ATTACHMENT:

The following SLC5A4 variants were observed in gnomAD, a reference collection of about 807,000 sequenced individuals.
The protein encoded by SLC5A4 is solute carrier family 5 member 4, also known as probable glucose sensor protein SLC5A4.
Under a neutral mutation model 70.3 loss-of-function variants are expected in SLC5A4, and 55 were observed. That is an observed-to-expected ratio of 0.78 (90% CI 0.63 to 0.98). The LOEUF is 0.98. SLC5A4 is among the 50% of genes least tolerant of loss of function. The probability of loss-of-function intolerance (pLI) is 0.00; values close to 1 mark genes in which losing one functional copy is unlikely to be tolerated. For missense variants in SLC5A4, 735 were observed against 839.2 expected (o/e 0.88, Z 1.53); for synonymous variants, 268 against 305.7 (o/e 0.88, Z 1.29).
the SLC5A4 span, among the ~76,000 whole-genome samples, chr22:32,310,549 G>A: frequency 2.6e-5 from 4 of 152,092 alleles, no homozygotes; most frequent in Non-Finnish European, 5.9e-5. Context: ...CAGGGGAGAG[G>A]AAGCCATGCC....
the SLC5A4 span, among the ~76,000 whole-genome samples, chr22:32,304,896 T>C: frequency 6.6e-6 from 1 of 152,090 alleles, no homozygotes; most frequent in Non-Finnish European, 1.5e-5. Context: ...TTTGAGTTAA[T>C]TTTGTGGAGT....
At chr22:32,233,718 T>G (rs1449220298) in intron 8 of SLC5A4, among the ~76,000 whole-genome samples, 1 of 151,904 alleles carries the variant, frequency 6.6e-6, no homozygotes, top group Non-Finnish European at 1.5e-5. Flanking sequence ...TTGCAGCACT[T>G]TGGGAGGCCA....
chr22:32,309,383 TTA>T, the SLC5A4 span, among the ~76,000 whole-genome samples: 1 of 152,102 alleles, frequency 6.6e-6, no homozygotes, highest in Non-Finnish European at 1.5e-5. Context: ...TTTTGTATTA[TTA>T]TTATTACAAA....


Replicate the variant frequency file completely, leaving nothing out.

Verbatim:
The following SLC5A4 variants were observed in gnomAD, a reference collection of about 807,000 sequenced individuals.
The protein encoded by SLC5A4 is solute carrier family 5 member 4, also known as probable glucose sensor protein SLC5A4.
Under a neutral mutation model 70.3 loss-of-function variants are expected in SLC5A4, and 55 were observed. That is an observed-to-expected ratio of 0.78 (90% CI 0.63 to 0.98). The LOEUF is 0.98. SLC5A4 is among the 50% of genes least tolerant of loss of function. The probability of loss-of-function intolerance (pLI) is 0.00; values close to 1 mark genes in which losing one functional copy is unlikely to be tolerated. For missense variants in SLC5A4, 735 were observed against 839.2 expected (o/e 0.88, Z 1.53); for synonymous variants, 268 against 305.7 (o/e 0.88, Z 1.29).
the SLC5A4 span, among the ~76,000 whole-genome samples, chr22:32,310,549 G>A: frequency 2.6e-5 from 4 of 152,092 alleles, no homozygotes; most frequent in Non-Finnish European, 5.9e-5. Context: ...CAGGGGAGAG[G>A]AAGCCATGCC....
the SLC5A4 span, among the ~76,000 whole-genome samples, chr22:32,304,896 T>C: frequency 6.6e-6 from 1 of 152,090 alleles, no homozygotes; most frequent in Non-Finnish European, 1.5e-5. Context: ...TTTGAGTTAA[T>C]TTTGTGGAGT....
At chr22:32,233,718 T>G (rs1449220298) in intron 8 of SLC5A4, among the ~76,000 whole-genome samples, 1 of 151,904 alleles carries the variant, frequency 6.6e-6, no homozygotes, top group Non-Finnish European at 1.5e-5. Flanking sequence ...TTGCAGCACT[T>G]TGGGAGGCCA....
chr22:32,309,383 TTA>T, the SLC5A4 span, among the ~76,000 whole-genome samples: 1 of 152,102 alleles, frequency 6.6e-6, no homozygotes, highest in Non-Finnish European at 1.5e-5. Context: ...TTTTGTATTA[TTA>T]TTATTACAAA....